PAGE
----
The year is off to a great start for WordPress fans with WordCamp Las Vegas, WordCamp Indonesia 2009 in Jakarta, Indonesia, a snow-filled skiing and photography WordCamp Whistler, two WordCampED educational WordCamp events in Worcester, Massachusetts and Vancouver, BC, Canada, WordCamp Jena in Germany, a warm WordCamp Miami, followed by a wintery WordCamp Denver.
In between the conference style WordPress events called WordCamps, intensive one to two day events with top notch WordPress and blogging experts, are a bunch of WordPress Meetups, community social gatherings to talk about WordPress and blog related issues.
WordCamps began in 2006 after Matt Mullenweg, founder of WordPress, attended some of the earliest BarCamp events which were the start of the “unconference conference,” an informal gathering of like-minded folks who let the natural course of a gathering happen, where experts share what they know with anyone interested and willing to listen and learn.
While WordCamps were meant to follow an unstructured format, they quickly evolved into serious conferences, ranging from a couple dozen to hundreds of participants with workshops, special sessions, multi-track sessions, and a lot of events in and around the WordCamp program.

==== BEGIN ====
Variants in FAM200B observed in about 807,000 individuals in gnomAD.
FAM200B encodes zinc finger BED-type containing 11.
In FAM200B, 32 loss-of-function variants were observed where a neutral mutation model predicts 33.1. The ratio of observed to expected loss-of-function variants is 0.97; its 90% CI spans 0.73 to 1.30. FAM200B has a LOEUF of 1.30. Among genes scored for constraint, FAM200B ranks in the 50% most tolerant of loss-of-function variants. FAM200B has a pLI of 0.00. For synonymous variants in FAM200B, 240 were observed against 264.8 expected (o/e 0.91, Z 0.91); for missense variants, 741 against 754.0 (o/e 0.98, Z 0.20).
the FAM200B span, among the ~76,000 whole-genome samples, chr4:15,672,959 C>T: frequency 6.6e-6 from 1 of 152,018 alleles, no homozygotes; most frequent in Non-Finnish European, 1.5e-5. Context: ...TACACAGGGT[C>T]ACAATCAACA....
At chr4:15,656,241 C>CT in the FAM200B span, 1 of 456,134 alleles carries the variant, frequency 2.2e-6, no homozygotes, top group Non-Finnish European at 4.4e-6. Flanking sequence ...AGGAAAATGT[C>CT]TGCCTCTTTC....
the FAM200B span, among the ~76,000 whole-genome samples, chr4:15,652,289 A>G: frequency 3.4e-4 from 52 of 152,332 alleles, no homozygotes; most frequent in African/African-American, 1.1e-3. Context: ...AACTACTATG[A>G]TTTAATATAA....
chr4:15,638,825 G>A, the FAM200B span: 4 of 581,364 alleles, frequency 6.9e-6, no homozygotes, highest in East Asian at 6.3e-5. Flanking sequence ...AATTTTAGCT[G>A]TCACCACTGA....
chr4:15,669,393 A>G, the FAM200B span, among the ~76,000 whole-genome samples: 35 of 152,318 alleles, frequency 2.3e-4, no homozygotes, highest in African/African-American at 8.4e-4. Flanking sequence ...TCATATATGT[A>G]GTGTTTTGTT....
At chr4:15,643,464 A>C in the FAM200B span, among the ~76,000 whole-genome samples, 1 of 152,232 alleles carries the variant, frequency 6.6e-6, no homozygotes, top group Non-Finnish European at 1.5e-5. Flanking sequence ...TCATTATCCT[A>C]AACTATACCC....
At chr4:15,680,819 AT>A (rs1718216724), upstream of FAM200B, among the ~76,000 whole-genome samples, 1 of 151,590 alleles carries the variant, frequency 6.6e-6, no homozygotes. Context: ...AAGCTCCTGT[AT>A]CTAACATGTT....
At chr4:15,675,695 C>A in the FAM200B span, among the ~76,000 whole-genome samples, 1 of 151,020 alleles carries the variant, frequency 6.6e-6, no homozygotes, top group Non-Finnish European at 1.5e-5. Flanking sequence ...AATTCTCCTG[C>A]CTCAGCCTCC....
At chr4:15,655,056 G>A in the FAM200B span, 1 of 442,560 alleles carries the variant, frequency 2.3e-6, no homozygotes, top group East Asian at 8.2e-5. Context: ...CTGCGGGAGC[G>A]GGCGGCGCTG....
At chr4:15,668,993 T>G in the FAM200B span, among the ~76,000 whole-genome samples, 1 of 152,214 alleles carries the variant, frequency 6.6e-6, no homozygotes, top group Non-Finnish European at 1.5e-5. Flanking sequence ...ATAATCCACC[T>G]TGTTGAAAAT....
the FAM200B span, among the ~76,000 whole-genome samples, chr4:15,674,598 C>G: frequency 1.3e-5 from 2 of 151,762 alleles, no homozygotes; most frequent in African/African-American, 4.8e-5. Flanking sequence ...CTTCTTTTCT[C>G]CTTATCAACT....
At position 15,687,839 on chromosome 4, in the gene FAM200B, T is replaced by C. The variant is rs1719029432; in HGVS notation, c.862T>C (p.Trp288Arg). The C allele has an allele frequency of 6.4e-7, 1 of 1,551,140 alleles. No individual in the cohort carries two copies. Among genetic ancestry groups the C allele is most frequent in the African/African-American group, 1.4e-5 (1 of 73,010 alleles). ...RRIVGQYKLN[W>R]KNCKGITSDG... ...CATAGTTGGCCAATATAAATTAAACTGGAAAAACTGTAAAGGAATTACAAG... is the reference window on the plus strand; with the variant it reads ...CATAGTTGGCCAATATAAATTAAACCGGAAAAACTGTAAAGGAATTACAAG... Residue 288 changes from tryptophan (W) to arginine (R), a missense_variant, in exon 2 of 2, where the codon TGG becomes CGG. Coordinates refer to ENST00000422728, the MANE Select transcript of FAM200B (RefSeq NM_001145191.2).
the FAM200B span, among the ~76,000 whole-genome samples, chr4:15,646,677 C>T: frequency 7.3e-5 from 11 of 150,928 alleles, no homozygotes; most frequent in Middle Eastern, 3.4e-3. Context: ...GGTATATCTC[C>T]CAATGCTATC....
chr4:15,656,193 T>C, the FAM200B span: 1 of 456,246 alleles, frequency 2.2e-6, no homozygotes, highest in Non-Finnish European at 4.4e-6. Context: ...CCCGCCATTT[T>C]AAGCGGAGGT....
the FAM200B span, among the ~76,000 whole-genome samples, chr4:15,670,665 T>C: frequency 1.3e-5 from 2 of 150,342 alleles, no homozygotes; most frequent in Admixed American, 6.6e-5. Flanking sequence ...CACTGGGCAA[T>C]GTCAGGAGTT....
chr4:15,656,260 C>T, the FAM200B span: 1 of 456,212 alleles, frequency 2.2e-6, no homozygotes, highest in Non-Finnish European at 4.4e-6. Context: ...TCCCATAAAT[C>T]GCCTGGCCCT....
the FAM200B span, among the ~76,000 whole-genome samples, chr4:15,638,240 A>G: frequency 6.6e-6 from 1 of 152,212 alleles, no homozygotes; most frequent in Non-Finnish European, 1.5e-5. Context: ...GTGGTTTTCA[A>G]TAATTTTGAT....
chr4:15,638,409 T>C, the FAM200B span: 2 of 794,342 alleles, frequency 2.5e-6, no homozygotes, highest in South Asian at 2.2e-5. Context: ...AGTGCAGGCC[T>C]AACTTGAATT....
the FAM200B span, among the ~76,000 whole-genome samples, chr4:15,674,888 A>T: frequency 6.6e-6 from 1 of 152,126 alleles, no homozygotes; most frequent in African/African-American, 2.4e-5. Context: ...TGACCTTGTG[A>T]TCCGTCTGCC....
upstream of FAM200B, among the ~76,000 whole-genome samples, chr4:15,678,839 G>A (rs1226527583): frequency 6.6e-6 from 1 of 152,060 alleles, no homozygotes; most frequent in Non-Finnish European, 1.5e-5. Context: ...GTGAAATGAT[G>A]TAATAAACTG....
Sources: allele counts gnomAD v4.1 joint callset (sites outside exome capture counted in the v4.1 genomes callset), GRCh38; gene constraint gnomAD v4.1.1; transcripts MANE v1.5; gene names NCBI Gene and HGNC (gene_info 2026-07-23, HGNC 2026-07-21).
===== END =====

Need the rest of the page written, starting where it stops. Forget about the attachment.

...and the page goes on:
In 2008 Year-End Wrap-Up, Matt Mullenweg said there were 29 official WordCamp events in 2008. There are expected to be almost double that number this year.
From those reporting in to the WordPress staff, approximately 3,400 people attended the various international events, and Matt Mullenweg was there for most of them giving his famous “State of the Word” address on where WordPress was, is, and the future of WordPress. That’s an average of 117 people per event, and while I don’t have the specific numbers for all the WordCamps, Podcamp and WordCamp Hawaii in October had more than 600 registrants at the Hawaii Convention Center, WordCamp Israel 2008 (English) in Tel Aviv had over 500 for their second WordCamp event. [Read more…]